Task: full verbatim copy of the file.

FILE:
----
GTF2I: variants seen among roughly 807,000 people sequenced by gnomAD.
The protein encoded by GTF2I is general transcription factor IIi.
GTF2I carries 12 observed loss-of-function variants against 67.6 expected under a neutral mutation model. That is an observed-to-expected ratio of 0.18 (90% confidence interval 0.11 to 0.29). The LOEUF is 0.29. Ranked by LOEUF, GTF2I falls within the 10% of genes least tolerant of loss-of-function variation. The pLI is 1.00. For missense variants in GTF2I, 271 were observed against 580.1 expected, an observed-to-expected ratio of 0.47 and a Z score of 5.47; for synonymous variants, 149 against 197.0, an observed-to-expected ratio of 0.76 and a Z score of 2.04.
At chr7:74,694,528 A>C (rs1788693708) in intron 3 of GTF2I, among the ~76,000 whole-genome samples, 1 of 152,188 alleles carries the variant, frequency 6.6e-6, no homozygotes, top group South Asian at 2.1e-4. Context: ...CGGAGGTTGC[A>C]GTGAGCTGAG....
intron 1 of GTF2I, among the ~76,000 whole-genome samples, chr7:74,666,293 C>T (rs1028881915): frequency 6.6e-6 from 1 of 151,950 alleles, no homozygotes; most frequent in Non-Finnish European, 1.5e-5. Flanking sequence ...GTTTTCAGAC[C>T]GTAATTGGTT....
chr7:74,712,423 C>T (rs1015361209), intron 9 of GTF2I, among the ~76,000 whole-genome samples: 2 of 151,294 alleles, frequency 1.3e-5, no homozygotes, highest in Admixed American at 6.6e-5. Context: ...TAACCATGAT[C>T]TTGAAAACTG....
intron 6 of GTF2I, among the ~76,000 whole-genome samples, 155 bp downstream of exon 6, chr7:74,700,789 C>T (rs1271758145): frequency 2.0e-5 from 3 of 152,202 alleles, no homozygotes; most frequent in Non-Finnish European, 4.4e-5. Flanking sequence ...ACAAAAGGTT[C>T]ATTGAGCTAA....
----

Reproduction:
GTF2I: variants seen among roughly 807,000 people sequenced by gnomAD.
The protein encoded by GTF2I is general transcription factor IIi.
GTF2I carries 12 observed loss-of-function variants against 67.6 expected under a neutral mutation model. That is an observed-to-expected ratio of 0.18 (90% confidence interval 0.11 to 0.29). The LOEUF is 0.29. Ranked by LOEUF, GTF2I falls within the 10% of genes least tolerant of loss-of-function variation. The pLI is 1.00. For missense variants in GTF2I, 271 were observed against 580.1 expected, an observed-to-expected ratio of 0.47 and a Z score of 5.47; for synonymous variants, 149 against 197.0, an observed-to-expected ratio of 0.76 and a Z score of 2.04.
At chr7:74,694,528 A>C (rs1788693708) in intron 3 of GTF2I, among the ~76,000 whole-genome samples, 1 of 152,188 alleles carries the variant, frequency 6.6e-6, no homozygotes, top group South Asian at 2.1e-4. Context: ...CGGAGGTTGC[A>C]GTGAGCTGAG....
intron 1 of GTF2I, among the ~76,000 whole-genome samples, chr7:74,666,293 C>T (rs1028881915): frequency 6.6e-6 from 1 of 151,950 alleles, no homozygotes; most frequent in Non-Finnish European, 1.5e-5. Flanking sequence ...GTTTTCAGAC[C>T]GTAATTGGTT....
chr7:74,712,423 C>T (rs1015361209), intron 9 of GTF2I, among the ~76,000 whole-genome samples: 2 of 151,294 alleles, frequency 1.3e-5, no homozygotes, highest in Admixed American at 6.6e-5. Context: ...TAACCATGAT[C>T]TTGAAAACTG....
intron 6 of GTF2I, among the ~76,000 whole-genome samples, 155 bp downstream of exon 6, chr7:74,700,789 C>T (rs1271758145): frequency 2.0e-5 from 3 of 152,202 alleles, no homozygotes; most frequent in Non-Finnish European, 4.4e-5. Flanking sequence ...ACAAAAGGTT[C>T]ATTGAGCTAA....